Hamilton rejecting wastewater data for COVID that Ontario health minister calls ‘canary in the coal mine’


Published March 7, 2022 at 8:11 pm

There is something in Hamilton’s wastewater that sets it apart from from the wastewater in all other public health units in Ontario — if the city’s official stance is to be taken at face value.

Hamilton COVID-19 Operations Chief Michelle Baird, speaking for local medical officer of health Dr. Elizabeth Richardson at a virtual media conference on Monday, said that wastewater surveillance data for COVID-19 has not worked “as a predictive measure in Hamilton to date.” Baird took a similar line to Dr. Richardson, who last week stated to media outlets that Hamilton Public Health Services (HPHS) is not using wastewater data because it is too “variable.”

The Ontario Science Table, however, has wastewater on its COVID-19 dashboard. Deputy Premier and Health Minister Christine Elliott, and Ontario Chief Medical Officer of Health Dr. Kieran Moore, have also recently said it has predictive value. Hospitalizations, intensive-care-unit admissions and deaths are known as lagging indicators that illustrate COVID’s toll after the fact.

“There has been some public discussion recently regarding the use of wastewater data to determine the trends as it relates to COVID-19 in our commmunity,” Baird said during prepared remarks on Monday. “Hamilton Public Health Services appreciates the use of wastewater data to determine the trends as it relates to COVID-19. However, it is not something that has worked as a predictive measure in Hamilton to date. We are continuing to work with the researcher to understand the data and its utility locally. Staff are working to obtain further data beyond what we already have.

“We have found the data to be variable as far as using it to determine trends as well as it does in other jurisdictions. To date, Hamilton has found that per-cent positivity and our COVID-19 hospitalization data is more representative of COVID-19’s current prevalence in Hamilton, while other forms of traditional surveillance are less accurate due to testing eligibility changes and the resulting underestimation of cases. Hamilton Public Health Services, however, is continuing to work with the province and researchers to understand how this study is being incorporated into monitoring metrics going forward, and to understand the relationship between wasewater trends and other metrics such as hospitalizations.”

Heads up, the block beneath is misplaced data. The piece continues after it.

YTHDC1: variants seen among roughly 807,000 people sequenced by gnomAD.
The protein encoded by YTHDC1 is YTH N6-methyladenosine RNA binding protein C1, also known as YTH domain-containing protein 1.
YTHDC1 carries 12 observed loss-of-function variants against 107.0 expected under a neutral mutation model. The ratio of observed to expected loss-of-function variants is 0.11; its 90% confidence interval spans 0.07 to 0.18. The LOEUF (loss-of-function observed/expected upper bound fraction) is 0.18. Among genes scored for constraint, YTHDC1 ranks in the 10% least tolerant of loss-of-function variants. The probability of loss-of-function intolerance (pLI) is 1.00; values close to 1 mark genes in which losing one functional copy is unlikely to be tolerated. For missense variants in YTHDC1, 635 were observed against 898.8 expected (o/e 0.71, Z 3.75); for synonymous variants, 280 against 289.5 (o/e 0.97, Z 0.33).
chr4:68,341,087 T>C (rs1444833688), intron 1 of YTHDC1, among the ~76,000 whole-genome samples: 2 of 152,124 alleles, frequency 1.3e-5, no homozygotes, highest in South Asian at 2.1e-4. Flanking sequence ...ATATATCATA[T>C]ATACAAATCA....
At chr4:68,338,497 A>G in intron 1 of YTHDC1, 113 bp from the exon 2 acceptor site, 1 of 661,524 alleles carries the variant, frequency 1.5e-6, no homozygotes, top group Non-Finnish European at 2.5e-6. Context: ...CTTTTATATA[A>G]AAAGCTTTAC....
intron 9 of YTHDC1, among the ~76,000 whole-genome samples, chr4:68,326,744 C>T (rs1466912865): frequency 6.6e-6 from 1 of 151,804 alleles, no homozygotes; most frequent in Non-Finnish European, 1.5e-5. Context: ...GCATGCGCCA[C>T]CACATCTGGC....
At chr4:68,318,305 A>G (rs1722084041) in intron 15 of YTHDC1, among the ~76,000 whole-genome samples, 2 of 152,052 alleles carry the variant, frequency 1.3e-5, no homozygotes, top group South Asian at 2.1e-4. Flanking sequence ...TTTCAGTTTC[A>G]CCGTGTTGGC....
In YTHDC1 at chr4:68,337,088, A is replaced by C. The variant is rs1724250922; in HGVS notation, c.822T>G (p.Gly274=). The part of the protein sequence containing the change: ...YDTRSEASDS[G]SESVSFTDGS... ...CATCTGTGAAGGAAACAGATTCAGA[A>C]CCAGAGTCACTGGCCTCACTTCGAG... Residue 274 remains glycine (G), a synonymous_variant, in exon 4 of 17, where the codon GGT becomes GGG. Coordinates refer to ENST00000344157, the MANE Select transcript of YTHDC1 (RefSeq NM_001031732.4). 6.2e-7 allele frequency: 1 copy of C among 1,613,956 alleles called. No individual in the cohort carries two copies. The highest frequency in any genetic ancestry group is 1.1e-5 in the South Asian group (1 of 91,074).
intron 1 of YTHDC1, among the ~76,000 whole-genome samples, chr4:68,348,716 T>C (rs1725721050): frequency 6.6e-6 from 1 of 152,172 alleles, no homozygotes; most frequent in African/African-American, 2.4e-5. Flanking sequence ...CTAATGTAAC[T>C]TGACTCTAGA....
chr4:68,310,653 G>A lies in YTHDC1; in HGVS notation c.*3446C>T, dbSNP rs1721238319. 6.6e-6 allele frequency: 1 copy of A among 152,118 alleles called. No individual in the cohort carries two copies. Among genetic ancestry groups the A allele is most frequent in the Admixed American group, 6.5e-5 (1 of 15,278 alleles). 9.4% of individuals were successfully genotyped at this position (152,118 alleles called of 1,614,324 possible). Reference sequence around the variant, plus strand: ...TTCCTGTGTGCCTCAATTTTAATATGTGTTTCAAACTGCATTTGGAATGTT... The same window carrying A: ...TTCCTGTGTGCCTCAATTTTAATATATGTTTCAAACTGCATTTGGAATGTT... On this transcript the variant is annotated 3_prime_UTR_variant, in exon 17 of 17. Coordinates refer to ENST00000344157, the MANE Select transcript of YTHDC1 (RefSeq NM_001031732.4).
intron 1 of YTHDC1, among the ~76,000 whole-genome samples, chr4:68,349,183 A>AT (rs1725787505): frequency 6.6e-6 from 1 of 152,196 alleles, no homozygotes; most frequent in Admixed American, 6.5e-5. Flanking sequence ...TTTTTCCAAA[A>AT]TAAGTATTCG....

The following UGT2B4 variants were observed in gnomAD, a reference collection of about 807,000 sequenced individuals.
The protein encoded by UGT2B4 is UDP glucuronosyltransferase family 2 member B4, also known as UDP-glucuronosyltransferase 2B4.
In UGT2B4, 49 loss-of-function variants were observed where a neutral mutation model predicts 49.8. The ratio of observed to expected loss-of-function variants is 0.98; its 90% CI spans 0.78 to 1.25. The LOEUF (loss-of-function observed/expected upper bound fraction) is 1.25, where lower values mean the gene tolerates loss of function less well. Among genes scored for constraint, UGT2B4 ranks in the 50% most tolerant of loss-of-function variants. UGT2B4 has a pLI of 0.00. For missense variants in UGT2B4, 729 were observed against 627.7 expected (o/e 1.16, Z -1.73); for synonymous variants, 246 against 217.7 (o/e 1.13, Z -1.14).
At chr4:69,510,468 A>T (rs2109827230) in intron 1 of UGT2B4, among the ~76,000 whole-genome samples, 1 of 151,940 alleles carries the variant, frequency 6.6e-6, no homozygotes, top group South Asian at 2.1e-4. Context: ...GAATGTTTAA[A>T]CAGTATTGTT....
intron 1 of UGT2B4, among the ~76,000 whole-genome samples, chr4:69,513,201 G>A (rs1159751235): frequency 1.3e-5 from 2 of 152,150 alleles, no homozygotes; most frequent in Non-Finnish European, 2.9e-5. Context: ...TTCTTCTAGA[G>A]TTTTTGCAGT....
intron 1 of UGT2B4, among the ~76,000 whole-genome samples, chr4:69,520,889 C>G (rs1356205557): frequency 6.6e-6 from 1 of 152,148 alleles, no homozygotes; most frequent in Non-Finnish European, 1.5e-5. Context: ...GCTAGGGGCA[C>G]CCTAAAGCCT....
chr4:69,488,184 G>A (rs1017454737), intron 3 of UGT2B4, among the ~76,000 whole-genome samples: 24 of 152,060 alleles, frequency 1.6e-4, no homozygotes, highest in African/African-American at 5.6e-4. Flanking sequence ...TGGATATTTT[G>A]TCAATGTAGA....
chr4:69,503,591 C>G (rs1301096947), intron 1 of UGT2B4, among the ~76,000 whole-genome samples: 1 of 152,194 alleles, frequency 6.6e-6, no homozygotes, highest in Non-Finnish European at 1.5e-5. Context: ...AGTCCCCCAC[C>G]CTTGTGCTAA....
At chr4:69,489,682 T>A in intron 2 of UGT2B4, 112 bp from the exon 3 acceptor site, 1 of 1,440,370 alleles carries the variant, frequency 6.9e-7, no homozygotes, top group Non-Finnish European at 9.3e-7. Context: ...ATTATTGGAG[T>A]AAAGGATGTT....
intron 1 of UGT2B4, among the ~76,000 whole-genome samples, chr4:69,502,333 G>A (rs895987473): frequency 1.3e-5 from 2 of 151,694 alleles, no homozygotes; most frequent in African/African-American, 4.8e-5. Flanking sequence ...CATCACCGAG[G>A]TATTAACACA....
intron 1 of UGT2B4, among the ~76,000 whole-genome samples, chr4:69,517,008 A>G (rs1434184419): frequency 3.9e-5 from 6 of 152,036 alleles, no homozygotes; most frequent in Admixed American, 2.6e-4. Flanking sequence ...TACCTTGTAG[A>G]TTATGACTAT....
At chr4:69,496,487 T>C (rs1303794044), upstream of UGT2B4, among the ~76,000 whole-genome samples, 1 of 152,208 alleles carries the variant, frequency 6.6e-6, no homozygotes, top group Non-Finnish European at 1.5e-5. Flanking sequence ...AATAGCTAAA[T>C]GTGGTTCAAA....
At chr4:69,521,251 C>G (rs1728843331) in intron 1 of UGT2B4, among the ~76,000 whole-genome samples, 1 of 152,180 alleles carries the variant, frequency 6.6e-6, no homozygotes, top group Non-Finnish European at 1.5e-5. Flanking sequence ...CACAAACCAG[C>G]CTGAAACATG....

At the end of December, the Ontario PC Party government tightened eligibility to get a PCR (polymerase chain reaction) test, which is more reliable than a rapid antigen test (RAT) for confirming whether you are positive for COVID-19. While COVID-19 case counts are much less of an urgent indicator due to increased vaccination, Moore acknowledged last week that they might be undercounted by a factor of 10.

While PCR test access is limited, everyone uses the bathroom. That is why wastewater samples might give a better illustration of how prevalent COVID-19 is in the poulation. Public health departments for other major municipalities, including Waterloo Region and Ottawa, are using it. However, Hamilton has not made their wastewater data public.

Baird did not provide a direct answer to media questions about why there is a “divide” between Hamilton’s COVID-19 response and the growing scientific consensus.